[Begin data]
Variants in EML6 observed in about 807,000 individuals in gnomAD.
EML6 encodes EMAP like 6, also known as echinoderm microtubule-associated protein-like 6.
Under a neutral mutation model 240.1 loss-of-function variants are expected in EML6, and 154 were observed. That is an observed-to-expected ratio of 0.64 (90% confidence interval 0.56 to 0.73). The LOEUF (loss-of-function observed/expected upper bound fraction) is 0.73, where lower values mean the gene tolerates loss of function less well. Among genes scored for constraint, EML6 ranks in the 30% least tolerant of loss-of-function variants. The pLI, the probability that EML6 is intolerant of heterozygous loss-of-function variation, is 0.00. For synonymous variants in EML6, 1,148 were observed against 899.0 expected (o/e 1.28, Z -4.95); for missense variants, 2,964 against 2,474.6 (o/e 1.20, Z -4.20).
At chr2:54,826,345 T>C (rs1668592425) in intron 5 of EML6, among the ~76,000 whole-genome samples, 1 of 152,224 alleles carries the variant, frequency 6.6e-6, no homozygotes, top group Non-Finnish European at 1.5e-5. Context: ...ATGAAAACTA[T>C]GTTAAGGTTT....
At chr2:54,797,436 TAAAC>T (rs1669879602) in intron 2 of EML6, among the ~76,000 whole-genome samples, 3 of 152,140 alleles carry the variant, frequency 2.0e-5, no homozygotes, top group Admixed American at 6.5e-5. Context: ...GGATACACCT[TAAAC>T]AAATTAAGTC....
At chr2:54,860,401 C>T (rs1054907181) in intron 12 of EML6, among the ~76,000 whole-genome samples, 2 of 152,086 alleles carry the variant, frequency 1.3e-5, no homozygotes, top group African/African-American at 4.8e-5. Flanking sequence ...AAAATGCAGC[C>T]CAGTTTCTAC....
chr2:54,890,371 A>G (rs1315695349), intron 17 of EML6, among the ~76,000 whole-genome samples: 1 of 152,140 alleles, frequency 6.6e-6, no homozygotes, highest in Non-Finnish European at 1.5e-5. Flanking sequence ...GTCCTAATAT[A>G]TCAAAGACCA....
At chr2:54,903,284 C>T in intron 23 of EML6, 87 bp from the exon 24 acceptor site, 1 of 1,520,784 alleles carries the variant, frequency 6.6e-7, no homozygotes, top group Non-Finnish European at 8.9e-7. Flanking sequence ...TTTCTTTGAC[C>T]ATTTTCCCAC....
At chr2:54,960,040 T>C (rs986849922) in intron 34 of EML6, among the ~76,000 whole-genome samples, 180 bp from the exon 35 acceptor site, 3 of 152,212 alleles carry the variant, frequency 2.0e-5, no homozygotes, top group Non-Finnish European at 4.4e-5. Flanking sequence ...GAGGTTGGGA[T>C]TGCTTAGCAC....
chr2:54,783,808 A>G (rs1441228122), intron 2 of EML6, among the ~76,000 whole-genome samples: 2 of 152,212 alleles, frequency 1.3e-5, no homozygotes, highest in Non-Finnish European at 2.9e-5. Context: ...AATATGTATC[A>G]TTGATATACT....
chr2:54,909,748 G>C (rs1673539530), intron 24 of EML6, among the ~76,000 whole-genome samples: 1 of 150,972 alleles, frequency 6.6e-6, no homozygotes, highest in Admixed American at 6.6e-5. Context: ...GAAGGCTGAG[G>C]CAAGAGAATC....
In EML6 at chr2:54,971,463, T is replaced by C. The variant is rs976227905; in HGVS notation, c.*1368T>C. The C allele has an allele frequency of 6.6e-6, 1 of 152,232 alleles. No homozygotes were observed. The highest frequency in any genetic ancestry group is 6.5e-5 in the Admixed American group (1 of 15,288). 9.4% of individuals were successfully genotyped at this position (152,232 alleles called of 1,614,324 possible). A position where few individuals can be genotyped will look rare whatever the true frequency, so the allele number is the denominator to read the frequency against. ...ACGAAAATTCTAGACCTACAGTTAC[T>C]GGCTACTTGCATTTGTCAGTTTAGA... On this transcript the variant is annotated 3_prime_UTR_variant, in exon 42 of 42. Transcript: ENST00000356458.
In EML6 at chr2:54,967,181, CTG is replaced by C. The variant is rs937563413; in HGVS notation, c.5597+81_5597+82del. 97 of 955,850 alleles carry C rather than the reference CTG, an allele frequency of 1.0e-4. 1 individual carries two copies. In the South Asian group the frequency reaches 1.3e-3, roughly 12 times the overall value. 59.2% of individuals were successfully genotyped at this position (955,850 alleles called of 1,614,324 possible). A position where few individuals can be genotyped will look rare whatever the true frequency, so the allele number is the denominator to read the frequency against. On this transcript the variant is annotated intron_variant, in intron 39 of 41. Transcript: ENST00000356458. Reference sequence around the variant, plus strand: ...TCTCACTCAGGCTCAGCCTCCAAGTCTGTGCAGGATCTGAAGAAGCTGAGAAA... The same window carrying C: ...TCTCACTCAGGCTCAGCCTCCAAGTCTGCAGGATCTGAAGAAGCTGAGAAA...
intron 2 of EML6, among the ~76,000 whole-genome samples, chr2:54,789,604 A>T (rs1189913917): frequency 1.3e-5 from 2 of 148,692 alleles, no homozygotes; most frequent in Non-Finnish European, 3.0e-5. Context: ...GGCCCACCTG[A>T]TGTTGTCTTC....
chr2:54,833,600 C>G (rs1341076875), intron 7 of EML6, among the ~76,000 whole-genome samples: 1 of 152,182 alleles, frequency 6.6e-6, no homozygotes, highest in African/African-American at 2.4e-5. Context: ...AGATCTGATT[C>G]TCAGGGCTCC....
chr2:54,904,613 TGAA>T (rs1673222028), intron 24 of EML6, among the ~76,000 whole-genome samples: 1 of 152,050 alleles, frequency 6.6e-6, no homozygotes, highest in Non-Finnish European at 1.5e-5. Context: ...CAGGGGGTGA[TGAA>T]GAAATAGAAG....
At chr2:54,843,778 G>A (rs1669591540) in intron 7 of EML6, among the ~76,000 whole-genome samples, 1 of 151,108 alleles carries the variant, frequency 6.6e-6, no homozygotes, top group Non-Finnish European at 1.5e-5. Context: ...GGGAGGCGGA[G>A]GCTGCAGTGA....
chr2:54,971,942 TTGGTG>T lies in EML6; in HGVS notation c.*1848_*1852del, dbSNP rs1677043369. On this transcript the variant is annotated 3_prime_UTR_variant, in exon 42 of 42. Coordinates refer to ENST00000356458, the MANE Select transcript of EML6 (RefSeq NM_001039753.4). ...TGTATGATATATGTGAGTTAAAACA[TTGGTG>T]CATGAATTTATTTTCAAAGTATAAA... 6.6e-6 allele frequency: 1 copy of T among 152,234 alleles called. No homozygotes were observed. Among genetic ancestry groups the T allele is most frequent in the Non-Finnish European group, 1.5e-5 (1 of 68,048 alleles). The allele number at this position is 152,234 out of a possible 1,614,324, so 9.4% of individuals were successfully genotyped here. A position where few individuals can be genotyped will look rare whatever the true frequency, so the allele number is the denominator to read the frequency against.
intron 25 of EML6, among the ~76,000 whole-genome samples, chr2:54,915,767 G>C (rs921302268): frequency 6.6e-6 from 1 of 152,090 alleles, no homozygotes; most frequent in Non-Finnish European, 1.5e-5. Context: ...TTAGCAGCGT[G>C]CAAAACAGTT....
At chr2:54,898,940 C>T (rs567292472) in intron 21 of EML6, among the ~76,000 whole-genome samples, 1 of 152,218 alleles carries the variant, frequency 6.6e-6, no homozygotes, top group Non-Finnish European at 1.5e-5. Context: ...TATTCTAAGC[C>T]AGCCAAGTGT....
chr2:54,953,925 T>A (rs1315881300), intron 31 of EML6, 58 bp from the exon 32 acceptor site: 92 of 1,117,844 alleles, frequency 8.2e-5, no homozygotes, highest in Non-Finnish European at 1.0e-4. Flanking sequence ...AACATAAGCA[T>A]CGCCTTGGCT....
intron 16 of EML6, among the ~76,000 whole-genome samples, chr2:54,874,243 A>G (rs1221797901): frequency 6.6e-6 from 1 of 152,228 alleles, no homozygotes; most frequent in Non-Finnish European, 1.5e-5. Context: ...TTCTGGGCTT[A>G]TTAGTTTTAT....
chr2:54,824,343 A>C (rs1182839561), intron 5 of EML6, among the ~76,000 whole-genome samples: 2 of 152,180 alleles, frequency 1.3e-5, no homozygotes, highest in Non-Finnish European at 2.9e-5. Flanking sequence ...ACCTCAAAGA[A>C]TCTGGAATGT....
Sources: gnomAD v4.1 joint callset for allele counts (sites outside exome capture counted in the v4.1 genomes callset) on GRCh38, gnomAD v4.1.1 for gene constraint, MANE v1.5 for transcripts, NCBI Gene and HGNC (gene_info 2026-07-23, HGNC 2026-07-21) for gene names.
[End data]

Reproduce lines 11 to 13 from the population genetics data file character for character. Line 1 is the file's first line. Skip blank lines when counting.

chr2:54,909,748 G>C (rs1673539530), intron 24 of EML6, among the ~76,000 whole-genome samples: 1 of 150,972 alleles, frequency 6.6e-6, no homozygotes, highest in Admixed American at 6.6e-5. Context: ...GAAGGCTGAG[G>C]CAAGAGAATC....
In EML6 at chr2:54,971,463, T is replaced by C. The variant is rs976227905; in HGVS notation, c.*1368T>C. The C allele has an allele frequency of 6.6e-6, 1 of 152,232 alleles. No homozygotes were observed. The highest frequency in any genetic ancestry group is 6.5e-5 in the Admixed American group (1 of 15,288). 9.4% of individuals were successfully genotyped at this position (152,232 alleles called of 1,614,324 possible). A position where few individuals can be genotyped will look rare whatever the true frequency, so the allele number is the denominator to read the frequency against. ...ACGAAAATTCTAGACCTACAGTTAC[T>C]GGCTACTTGCATTTGTCAGTTTAGA... On this transcript the variant is annotated 3_prime_UTR_variant, in exon 42 of 42. Transcript: ENST00000356458.
In EML6 at chr2:54,967,181, CTG is replaced by C. The variant is rs937563413; in HGVS notation, c.5597+81_5597+82del. 97 of 955,850 alleles carry C rather than the reference CTG, an allele frequency of 1.0e-4. 1 individual carries two copies. In the South Asian group the frequency reaches 1.3e-3, roughly 12 times the overall value. 59.2% of individuals were successfully genotyped at this position (955,850 alleles called of 1,614,324 possible). A position where few individuals can be genotyped will look rare whatever the true frequency, so the allele number is the denominator to read the frequency against. On this transcript the variant is annotated intron_variant, in intron 39 of 41. Transcript: ENST00000356458. Reference sequence around the variant, plus strand: ...TCTCACTCAGGCTCAGCCTCCAAGTCTGTGCAGGATCTGAAGAAGCTGAGAAA... The same window carrying C: ...TCTCACTCAGGCTCAGCCTCCAAGTCTGCAGGATCTGAAGAAGCTGAGAAA...